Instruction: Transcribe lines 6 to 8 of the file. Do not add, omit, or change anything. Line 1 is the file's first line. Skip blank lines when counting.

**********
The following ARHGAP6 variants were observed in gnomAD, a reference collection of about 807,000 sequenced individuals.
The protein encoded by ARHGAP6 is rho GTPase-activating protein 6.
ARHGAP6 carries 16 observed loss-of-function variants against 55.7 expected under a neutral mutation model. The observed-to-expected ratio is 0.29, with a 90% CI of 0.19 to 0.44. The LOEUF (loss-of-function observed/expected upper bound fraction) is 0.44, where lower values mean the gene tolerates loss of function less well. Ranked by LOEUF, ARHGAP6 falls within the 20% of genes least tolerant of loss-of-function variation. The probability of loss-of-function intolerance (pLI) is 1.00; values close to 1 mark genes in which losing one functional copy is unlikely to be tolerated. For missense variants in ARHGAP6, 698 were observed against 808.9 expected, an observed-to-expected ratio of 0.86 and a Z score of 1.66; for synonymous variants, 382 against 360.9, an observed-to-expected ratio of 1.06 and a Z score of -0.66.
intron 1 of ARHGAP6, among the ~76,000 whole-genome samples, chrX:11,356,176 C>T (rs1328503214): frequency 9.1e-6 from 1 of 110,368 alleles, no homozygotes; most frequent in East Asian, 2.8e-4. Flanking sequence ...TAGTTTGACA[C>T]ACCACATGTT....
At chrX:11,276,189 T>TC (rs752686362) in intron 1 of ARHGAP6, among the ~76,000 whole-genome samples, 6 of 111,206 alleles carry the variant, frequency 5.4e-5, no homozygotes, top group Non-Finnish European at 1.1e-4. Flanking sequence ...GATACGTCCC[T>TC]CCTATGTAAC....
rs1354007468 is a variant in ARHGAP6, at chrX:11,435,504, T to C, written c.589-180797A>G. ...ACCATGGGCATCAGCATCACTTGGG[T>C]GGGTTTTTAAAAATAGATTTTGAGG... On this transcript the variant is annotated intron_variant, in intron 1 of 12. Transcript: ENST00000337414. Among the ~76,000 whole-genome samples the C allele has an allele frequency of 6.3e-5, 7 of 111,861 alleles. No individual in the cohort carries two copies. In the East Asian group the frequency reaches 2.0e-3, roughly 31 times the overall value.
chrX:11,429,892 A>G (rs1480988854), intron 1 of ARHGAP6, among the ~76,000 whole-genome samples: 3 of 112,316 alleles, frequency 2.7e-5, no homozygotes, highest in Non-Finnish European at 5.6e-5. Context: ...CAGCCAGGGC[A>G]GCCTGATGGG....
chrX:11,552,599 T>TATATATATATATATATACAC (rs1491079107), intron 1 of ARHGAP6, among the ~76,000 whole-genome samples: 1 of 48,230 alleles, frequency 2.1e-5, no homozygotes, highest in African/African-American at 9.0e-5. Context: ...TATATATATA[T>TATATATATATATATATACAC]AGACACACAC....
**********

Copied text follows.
rs1354007468 is a variant in ARHGAP6, at chrX:11,435,504, T to C, written c.589-180797A>G. ...ACCATGGGCATCAGCATCACTTGGG[T>C]GGGTTTTTAAAAATAGATTTTGAGG... On this transcript the variant is annotated intron_variant, in intron 1 of 12. Transcript: ENST00000337414. Among the ~76,000 whole-genome samples the C allele has an allele frequency of 6.3e-5, 7 of 111,861 alleles. No individual in the cohort carries two copies. In the East Asian group the frequency reaches 2.0e-3, roughly 31 times the overall value.
chrX:11,429,892 A>G (rs1480988854), intron 1 of ARHGAP6, among the ~76,000 whole-genome samples: 3 of 112,316 alleles, frequency 2.7e-5, no homozygotes, highest in Non-Finnish European at 5.6e-5. Context: ...CAGCCAGGGC[A>G]GCCTGATGGG....
chrX:11,552,599 T>TATATATATATATATATACAC (rs1491079107), intron 1 of ARHGAP6, among the ~76,000 whole-genome samples: 1 of 48,230 alleles, frequency 2.1e-5, no homozygotes, highest in African/African-American at 9.0e-5. Context: ...TATATATATA[T>TATATATATATATATATACAC]AGACACACAC....